Medtronic defribillators vulnerable to hacking, says FDA
The FDA and US government cyber experts have warned that hundreds of thousands of implantable defibrillators from manufacturer Medtronic are vulnerable to hacking.
Late last week the regulator warned about the issue in a safety communication, while the US Department of Homeland Security also flagged more details about the cybersecurity issues in the company’s wireless protocols.
It’s not the first time the FDA has issued cybersecurity alerts about Medtronic products – in February last year a recall affected some of the company’s implantable defibrillators, although these were caused by separate manufacturing problems.
The agency’s new communication expands on a number of products previously identified in a note about cybersecurity last autumn.
There were further details in a notice from a team of experts in cybersecurity from the Department of Homeland Security (DHS).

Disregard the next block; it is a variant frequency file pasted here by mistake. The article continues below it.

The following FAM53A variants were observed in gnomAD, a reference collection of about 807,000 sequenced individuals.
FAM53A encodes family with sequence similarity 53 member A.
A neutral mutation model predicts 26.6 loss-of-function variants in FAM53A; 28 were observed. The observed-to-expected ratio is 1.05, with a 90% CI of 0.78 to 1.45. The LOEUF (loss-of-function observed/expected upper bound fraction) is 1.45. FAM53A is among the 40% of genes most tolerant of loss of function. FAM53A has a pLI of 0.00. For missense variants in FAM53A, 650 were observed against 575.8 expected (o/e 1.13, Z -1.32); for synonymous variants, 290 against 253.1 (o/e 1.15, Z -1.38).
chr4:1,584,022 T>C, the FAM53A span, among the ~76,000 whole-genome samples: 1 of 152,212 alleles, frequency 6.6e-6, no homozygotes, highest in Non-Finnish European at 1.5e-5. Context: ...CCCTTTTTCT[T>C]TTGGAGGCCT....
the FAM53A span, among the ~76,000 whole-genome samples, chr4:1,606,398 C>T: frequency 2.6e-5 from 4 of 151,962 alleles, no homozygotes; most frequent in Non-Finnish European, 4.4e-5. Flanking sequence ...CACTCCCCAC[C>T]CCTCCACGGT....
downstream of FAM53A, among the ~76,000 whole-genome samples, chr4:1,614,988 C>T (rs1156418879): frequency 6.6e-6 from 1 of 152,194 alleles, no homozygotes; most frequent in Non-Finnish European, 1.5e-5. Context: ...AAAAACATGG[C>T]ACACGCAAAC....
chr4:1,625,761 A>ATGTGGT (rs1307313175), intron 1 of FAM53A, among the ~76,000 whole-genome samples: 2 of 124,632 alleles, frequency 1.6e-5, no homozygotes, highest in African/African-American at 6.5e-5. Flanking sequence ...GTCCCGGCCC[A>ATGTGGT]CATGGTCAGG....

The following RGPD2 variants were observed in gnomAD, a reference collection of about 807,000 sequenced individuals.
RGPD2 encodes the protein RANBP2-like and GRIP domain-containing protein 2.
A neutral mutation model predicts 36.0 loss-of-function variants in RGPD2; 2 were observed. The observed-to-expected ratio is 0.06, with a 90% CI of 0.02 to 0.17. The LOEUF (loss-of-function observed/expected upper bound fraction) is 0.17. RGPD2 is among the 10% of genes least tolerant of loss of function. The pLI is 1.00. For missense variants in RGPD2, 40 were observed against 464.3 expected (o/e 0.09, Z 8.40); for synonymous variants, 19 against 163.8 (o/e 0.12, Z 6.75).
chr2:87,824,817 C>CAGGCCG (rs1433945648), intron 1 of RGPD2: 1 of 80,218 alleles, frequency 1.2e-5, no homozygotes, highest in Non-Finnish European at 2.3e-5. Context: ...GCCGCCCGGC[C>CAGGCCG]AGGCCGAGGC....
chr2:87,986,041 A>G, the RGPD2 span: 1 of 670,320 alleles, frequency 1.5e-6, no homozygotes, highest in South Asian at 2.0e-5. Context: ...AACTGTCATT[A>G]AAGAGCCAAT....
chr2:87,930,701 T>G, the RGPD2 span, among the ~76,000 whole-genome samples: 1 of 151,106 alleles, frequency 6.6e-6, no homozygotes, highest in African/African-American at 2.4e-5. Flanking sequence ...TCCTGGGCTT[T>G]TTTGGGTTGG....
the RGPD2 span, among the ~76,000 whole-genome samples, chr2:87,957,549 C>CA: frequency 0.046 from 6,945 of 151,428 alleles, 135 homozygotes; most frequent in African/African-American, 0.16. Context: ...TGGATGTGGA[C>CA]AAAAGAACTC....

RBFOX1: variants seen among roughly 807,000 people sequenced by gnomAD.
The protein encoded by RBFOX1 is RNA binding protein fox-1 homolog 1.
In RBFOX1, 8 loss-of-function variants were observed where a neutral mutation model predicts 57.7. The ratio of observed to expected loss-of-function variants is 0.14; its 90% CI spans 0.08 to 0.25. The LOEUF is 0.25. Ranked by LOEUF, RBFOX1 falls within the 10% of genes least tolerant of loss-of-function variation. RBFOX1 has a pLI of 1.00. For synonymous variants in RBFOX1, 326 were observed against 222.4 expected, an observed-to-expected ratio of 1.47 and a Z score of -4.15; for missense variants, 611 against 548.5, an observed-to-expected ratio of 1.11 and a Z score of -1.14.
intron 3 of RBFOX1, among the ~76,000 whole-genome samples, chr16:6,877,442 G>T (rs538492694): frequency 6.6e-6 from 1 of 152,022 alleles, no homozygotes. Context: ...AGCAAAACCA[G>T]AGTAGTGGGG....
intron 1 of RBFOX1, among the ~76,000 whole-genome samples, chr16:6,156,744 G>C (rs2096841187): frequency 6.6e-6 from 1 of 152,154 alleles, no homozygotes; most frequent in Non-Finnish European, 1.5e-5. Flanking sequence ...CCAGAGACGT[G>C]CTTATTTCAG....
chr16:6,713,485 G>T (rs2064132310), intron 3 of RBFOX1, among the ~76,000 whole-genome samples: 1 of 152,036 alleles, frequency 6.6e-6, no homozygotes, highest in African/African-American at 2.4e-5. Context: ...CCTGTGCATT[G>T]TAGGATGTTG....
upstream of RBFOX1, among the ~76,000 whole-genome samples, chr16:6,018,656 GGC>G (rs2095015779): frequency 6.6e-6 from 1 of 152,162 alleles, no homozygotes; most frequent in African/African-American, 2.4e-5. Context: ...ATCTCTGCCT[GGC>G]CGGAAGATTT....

According to the DHS attackers could exploit vulnerabilities in the wireless communication system between the monitors that read data from Medtronic’s devices and relay them to doctors.
Attackers could overcome security protocols used by Medtronic products with ‘Conexus’ telemetry, allowing access to transmitted and sensitive data.
With the right radio frequency device, attackers could exploit brief periods when the device’s cyber defences are down to allow for transmission of data such as safety updates.
This could allow hackers to read and write instructions in the device’s memory location.
However in a communication, Medtronic pointed out that as yet there had been no cyberattack, privacy breach, or patient harm caused by the vulnerabilities.
The FDA and Medtronic have advised doctors and patients to continue using the devices until a work-around is developed.
The FDA also noted that although the skill level required to carry out attacks was quite low, they are unlikely.
This is because an attacker would have to be physically close to the device, such as within the same room, in order to make a strong enough connection.
While Medtronic develops a fix the FDA said doctors and patients can protect themselves by ensuring they use only remote monitors from Medtronic.